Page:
August. Shepherds William Streair and Thomas Pickett discover outcrops of copper close to the Burra Burra Creek. Special Survey of 20,000 acres undertaken and divided between South Australian Mining Association and Princess Royal Mining Association
September 29 - South Australian Mining Association (SAMA) begins mining operations at the Burra Burra Mine.
Samuel Stocks jnr. Appointed Resident Director.
Dr Ferdinand Von Sommer and then Captain Ey act as Superintendents.
Governor Robe visits and goes underground.
Bon Accord Mining Company begins mining operations adjoining the Burra Burra Mine.
January. Captain Henry Roach of Cornwall appointed Superintendent of the Burra Burra Mine.
First smelting operations fail. [more]
Powder Magazine constructed. (now the oldest surviving mine building in Australia)
Mine employs 567
Miners strike for a week and then later stage an unsuccessful strike over wages from November to January
Mine pays a dividend of 600%
Foundation stone of Patent Copper Co. Smelters laid in December
The Gulf Road [more] initiated to Port Wakefield.
The Gulf Road as it was known, connected a series of waterholes found at Gum Creek, Kadlunga, Skillogalee Creek, near Clare, Hoyleton, and Dunn’s Bridge at Balaklava for the bullock teams that hauled coal, copper and other materials between Burra and Port Wakefield at the head of the St. Vincent's Gulf.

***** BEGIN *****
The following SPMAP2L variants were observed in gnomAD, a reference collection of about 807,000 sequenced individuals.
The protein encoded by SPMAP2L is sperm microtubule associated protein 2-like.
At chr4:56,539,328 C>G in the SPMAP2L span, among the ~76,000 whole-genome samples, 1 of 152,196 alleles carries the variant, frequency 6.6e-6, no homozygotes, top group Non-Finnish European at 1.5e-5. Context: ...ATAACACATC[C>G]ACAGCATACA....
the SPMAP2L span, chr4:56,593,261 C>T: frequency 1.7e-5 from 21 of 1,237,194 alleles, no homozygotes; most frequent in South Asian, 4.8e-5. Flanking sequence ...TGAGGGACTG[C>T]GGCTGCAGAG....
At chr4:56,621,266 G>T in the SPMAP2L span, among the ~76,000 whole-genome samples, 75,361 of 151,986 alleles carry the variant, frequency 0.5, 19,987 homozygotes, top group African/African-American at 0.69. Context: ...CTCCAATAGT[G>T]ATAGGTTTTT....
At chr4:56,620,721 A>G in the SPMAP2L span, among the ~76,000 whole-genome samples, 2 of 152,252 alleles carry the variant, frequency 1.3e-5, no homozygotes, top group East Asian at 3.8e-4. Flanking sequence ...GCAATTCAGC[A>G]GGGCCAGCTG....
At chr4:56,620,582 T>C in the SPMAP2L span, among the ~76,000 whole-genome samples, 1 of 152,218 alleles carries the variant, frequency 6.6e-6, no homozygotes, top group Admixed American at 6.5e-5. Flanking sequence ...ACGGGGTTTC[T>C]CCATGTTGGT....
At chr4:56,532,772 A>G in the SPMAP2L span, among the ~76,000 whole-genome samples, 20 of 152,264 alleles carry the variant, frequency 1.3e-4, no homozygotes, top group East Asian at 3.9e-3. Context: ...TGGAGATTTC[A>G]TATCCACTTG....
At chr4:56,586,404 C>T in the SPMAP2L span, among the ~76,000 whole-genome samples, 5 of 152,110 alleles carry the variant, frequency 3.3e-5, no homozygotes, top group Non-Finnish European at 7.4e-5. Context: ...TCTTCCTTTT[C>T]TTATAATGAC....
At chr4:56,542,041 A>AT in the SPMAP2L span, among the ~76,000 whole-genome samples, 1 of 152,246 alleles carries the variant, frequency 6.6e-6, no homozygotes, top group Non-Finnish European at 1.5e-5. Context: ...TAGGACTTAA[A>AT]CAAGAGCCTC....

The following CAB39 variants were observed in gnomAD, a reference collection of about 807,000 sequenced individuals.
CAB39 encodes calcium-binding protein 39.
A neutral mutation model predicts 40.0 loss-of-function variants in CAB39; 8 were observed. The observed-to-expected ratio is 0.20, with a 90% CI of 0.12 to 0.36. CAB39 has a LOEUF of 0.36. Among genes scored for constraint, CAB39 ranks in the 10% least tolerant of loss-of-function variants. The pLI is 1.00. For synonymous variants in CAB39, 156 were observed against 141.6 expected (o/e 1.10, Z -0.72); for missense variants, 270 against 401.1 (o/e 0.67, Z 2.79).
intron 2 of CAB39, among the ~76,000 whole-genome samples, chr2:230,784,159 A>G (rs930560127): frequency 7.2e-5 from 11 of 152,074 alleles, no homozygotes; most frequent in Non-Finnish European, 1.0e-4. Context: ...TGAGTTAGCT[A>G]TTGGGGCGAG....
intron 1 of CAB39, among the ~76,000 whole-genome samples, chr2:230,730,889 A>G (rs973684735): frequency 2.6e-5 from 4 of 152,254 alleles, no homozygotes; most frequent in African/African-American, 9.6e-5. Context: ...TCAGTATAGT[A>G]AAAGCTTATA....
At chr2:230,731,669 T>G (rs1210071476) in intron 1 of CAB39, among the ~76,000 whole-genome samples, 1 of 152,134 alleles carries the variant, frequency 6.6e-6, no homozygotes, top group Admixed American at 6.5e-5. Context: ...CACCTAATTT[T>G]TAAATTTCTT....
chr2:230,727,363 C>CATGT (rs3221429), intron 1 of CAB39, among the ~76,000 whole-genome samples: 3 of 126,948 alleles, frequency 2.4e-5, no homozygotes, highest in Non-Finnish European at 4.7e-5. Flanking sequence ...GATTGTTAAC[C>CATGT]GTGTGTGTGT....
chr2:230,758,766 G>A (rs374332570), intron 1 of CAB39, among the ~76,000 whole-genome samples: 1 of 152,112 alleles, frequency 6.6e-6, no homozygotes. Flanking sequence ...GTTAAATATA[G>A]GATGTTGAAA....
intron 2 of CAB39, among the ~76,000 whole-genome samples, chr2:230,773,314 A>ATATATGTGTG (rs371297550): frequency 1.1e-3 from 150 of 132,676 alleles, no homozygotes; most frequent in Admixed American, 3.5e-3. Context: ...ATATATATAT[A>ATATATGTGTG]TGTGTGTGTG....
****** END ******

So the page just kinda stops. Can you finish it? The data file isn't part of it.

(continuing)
Apoinga Smelter takes Burra ore
Patent Copper Company (later called the English & Australian Copper Company) begins smelting ore at Burra using Newcastle coal.
Roach's Engine House completed and pumping begins in October.
Dividends affected by 1848-49 strike: 2 of 100%.
Dividends paid reached a staggering 800%.
Workforce at the mine exceeds 1,000 with 378 at the smelting works and other off-site employees of the smelting works brings their total to about 1,000 also.
Peacock's Engine House built.
Discovery of gold in eastern states.
Patent Copper Co. reorganised as English and Australian Copper Co.
Miners etc. desert the district for Victoria.
Schneider's Engine transported to Burra and installed
Employees drop to under 100.
Mining company secretary Henry Ayers keeps his officers by substantially raising salaries.
Pumping ceases in October: mine flooded.
Mine virtually at a standstill
Roach's Engine House dismantled
English and Australian Copper Company import mules from South America.
Men slowly return but by April work force still only 191 and only 30 underground.
Decision to restart the mine in December.
Schneider's Engine begins to pump out the mine in January.
South Australian Mining Association establishes a candle factory near the slaughterhouse to satisfy its need for 53 tons of candles per year.
Schneider's pump proves inadequate.
Railway reaches Gawler.
The Gulf Road closes.
Morphett's Engine House built.
William Woollacott leaves Adelaide with the engine for Morphett's Engine House.
This was the peak year for employment with 1208 men and boys at work. The mine paid £178,900 in wages and expenses, but the costs were rising as the mine deepened. At the same time the price of copper was falling. Having peaked at £126 per ton in 1858, it was £112 per ton in 1859 and by 1861 had fallen to £87 per ton in Adelaide. Even more significantly the 1858 profit per ton of £4-8-3 was a mere £1-14-8 the following year.
William Woollacott arrives with the new engine.
Installation of Morphett’s Engine runs all through the year.
The wage bill peaks at £178,900.
Employment at the mine exceeds 1,200
Profits per ton begin to fall